Although we don't believe in timing the market or panicking over daily movements, we do like to keep an eye on market changes -- just in case they're material to our investing thesis.
Just a day after home builder sentiment dropped to its lowest level since May, more data hit the markets, also depicting rough times ahead for real estate. Housing starts in January plunged 16% to an annual rate of 880,000, below the lowest end of consensus expectations by 19,000. Minutes from the Federal Reserve's most recent policy meeting also spooked investors on Wednesday, as the minutes revealed the central bank began debating when it should start raising rates. Discouraged by the specter of higher interest rates, the Dow Jones Industrial Average (DJINDICES:^DJI) lost 89 points, or 0.6%, to end at 16,040.
Shares of Home Depot (NYSE:HD) fell a modest 0.5% yesterday, but took a harder, 1.4% hit in Wednesday action. Home Depot stock finished near its daily low, suffering a slow, persistent tick downward in late afternoon trading on the release of the Fed minutes. Although January's disappointing housing starts also didn't help things, an unusually harsh winter -- often used as a poor excuse for weak economic data -- is actually relevant here. It's the chitchat about raising interest rates that could really dent the housing market and disrupt Home Depot's business.
But a mere 1.4% fall was nothing compared to Renren's (NYSE:RENN) 5.6% slump. Shares of any unprofitable small cap Chinese social media business are bound to be volatile, after all, and Renren is no exception. Shares jumped 11% yesterday, only to shave off about half of those gains in Wednesday's bearish market. What concerns me about Renren is its undying focus on social media; the company used to own a Groupon-esque site called Nuomi that showed so much promise Renren disposed of it, selling it to China's search engine giant Baidu. I seriously wonder if Renren should have remained more diversified in case its other ventures don't pan out.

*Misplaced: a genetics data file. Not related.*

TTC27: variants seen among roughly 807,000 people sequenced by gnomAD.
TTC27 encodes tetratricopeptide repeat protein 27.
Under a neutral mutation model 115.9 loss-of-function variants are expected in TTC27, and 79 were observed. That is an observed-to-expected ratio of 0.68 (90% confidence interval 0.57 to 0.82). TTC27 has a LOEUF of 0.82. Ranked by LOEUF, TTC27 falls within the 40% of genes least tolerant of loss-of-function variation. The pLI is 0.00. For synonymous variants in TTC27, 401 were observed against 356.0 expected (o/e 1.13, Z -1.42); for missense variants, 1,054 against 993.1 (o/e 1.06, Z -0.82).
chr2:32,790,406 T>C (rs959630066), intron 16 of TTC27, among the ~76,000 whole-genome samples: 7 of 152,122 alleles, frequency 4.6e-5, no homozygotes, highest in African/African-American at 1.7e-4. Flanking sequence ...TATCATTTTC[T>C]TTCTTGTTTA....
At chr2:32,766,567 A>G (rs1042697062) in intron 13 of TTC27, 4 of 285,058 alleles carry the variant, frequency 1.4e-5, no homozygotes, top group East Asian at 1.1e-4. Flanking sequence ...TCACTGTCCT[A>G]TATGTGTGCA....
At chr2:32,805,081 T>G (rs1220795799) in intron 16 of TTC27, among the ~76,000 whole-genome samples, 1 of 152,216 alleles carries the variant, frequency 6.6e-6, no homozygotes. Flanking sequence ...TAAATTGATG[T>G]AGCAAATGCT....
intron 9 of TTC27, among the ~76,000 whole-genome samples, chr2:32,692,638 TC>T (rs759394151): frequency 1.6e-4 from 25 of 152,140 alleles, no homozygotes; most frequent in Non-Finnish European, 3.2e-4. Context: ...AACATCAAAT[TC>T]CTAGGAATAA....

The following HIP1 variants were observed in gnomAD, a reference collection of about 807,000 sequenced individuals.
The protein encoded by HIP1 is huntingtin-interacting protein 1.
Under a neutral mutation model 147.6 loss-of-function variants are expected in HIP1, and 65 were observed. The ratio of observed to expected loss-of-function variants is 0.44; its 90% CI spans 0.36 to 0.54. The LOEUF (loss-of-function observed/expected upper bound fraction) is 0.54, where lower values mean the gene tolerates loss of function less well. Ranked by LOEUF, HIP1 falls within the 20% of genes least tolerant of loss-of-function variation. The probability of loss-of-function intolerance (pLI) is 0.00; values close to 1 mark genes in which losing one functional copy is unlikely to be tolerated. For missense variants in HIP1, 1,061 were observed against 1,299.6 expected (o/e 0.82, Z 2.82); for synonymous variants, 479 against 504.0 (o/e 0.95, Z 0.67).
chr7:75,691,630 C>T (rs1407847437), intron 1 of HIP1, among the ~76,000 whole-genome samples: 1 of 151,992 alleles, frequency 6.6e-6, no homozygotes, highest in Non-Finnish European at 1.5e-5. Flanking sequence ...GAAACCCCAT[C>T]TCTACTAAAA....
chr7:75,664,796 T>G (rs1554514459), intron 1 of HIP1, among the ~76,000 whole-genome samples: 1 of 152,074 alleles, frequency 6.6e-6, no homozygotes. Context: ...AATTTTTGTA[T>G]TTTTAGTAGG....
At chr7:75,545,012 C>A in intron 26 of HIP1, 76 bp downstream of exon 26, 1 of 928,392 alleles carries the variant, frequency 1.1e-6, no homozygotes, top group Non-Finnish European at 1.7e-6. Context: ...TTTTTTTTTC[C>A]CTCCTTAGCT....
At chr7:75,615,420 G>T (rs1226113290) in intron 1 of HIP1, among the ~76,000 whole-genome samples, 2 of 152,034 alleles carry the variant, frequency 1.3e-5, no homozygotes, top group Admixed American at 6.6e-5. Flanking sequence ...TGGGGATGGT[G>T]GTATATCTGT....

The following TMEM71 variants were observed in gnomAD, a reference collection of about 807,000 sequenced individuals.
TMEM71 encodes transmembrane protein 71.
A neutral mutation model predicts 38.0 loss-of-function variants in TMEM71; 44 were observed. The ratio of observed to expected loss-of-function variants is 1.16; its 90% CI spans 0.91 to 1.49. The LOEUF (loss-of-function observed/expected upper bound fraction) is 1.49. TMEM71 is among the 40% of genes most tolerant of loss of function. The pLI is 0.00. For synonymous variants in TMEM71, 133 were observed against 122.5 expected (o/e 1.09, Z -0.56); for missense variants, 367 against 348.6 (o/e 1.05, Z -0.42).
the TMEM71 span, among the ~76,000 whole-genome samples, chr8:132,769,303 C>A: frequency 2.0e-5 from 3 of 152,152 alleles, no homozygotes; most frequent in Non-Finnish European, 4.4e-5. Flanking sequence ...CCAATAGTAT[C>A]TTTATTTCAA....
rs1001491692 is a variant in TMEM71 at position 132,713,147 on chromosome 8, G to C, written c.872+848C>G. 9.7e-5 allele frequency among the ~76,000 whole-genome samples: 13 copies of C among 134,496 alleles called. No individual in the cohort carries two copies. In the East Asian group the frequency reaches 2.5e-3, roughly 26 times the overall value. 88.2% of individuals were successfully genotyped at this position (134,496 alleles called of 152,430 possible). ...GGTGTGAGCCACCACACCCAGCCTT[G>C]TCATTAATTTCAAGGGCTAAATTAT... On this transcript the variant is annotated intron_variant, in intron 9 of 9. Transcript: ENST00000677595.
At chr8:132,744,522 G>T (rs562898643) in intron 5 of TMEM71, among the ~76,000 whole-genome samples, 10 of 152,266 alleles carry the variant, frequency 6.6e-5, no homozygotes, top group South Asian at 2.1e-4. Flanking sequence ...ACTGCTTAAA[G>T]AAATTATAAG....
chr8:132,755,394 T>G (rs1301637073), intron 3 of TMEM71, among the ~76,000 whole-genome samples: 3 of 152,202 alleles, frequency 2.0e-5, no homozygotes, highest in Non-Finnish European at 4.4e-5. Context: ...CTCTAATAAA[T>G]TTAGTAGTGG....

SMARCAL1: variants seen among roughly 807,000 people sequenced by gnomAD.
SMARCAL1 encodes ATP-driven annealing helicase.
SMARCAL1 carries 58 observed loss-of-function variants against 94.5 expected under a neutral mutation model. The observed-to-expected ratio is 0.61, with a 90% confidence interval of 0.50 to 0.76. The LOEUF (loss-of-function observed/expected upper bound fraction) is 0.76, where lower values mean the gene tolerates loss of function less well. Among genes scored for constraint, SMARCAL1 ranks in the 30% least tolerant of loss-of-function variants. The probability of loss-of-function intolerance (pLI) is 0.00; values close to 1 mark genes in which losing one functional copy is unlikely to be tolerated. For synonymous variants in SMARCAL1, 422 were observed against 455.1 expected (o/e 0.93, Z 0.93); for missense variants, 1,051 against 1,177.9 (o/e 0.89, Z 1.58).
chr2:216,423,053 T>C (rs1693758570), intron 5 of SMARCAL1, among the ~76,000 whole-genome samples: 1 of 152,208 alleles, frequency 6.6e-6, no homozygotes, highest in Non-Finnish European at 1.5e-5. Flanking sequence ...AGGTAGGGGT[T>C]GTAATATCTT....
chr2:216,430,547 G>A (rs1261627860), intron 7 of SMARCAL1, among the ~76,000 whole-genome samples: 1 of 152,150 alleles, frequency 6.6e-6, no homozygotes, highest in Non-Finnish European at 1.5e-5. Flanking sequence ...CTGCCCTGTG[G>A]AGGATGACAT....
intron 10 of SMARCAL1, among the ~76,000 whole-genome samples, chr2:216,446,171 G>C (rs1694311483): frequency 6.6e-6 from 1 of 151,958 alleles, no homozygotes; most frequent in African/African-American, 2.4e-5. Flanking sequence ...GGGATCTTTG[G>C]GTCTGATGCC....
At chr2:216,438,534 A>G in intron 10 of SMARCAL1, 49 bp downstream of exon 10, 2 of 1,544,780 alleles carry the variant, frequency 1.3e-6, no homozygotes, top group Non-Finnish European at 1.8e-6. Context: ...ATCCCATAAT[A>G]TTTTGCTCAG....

Finally, shares of Greek bulk shipper DryShips (NASDAQ:DRYS) plunged 6.2% today after reporting disappointing quarterly earnings. Technically speaking, DryShips didn't even have quarterly earnings, since it lost more than $24 million in the period. While the $0.06 net loss per share exceeded the $0.02 per share analysts expected DryShips to lose, revenue jumped more than 50% in the quarter, driven by the staggering 165% sales growth in its oil tanker division.